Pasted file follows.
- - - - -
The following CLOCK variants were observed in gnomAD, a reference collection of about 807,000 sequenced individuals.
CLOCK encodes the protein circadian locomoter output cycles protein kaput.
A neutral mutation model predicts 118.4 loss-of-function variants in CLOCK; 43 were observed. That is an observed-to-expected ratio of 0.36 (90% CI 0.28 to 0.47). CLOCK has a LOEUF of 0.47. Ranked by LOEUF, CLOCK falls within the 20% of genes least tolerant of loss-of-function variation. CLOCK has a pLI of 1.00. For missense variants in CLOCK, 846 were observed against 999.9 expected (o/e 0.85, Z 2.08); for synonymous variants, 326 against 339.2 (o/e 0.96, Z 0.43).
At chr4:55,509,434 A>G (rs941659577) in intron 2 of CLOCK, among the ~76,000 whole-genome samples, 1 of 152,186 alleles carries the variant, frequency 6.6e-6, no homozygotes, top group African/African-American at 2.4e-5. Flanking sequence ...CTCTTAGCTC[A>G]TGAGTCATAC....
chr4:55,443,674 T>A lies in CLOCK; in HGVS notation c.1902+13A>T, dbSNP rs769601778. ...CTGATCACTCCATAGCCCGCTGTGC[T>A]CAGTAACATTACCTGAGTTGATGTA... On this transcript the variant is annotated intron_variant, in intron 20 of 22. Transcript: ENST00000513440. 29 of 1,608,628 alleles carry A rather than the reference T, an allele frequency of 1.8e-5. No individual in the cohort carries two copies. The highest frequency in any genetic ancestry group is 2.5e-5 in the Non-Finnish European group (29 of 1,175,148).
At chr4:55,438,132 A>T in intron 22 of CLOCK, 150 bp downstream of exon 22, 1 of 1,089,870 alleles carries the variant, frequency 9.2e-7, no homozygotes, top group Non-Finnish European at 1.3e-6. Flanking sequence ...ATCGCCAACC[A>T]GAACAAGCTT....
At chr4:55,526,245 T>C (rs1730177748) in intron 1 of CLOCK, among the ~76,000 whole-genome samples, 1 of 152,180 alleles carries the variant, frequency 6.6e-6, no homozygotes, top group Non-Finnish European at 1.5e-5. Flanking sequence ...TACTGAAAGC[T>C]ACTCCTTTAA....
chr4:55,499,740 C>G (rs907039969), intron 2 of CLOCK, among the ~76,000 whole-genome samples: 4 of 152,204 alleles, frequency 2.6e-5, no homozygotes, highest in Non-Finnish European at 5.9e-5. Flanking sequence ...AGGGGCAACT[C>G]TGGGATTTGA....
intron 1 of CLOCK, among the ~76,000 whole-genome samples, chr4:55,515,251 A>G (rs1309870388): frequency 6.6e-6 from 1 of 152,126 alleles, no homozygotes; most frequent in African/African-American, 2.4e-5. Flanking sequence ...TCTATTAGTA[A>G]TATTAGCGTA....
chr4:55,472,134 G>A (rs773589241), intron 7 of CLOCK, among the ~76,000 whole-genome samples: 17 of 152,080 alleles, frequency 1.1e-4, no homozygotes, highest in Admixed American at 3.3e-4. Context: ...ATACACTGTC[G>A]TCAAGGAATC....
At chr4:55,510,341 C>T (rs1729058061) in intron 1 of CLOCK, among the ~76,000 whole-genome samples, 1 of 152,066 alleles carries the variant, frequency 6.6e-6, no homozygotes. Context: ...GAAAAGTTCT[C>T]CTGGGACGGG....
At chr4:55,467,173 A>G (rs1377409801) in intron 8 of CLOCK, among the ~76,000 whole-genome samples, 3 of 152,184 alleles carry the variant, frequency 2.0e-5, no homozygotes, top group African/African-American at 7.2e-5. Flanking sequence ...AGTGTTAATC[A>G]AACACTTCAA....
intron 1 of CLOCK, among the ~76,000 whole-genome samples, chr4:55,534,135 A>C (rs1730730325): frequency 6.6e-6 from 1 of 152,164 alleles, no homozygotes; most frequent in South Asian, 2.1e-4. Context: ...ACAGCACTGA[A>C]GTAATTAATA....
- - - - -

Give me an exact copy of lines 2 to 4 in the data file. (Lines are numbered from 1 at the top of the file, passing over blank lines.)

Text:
CLOCK encodes the protein circadian locomoter output cycles protein kaput.
A neutral mutation model predicts 118.4 loss-of-function variants in CLOCK; 43 were observed. That is an observed-to-expected ratio of 0.36 (90% CI 0.28 to 0.47). CLOCK has a LOEUF of 0.47. Ranked by LOEUF, CLOCK falls within the 20% of genes least tolerant of loss-of-function variation. CLOCK has a pLI of 1.00. For missense variants in CLOCK, 846 were observed against 999.9 expected (o/e 0.85, Z 2.08); for synonymous variants, 326 against 339.2 (o/e 0.96, Z 0.43).
At chr4:55,509,434 A>G (rs941659577) in intron 2 of CLOCK, among the ~76,000 whole-genome samples, 1 of 152,186 alleles carries the variant, frequency 6.6e-6, no homozygotes, top group African/African-American at 2.4e-5. Flanking sequence ...CTCTTAGCTC[A>G]TGAGTCATAC....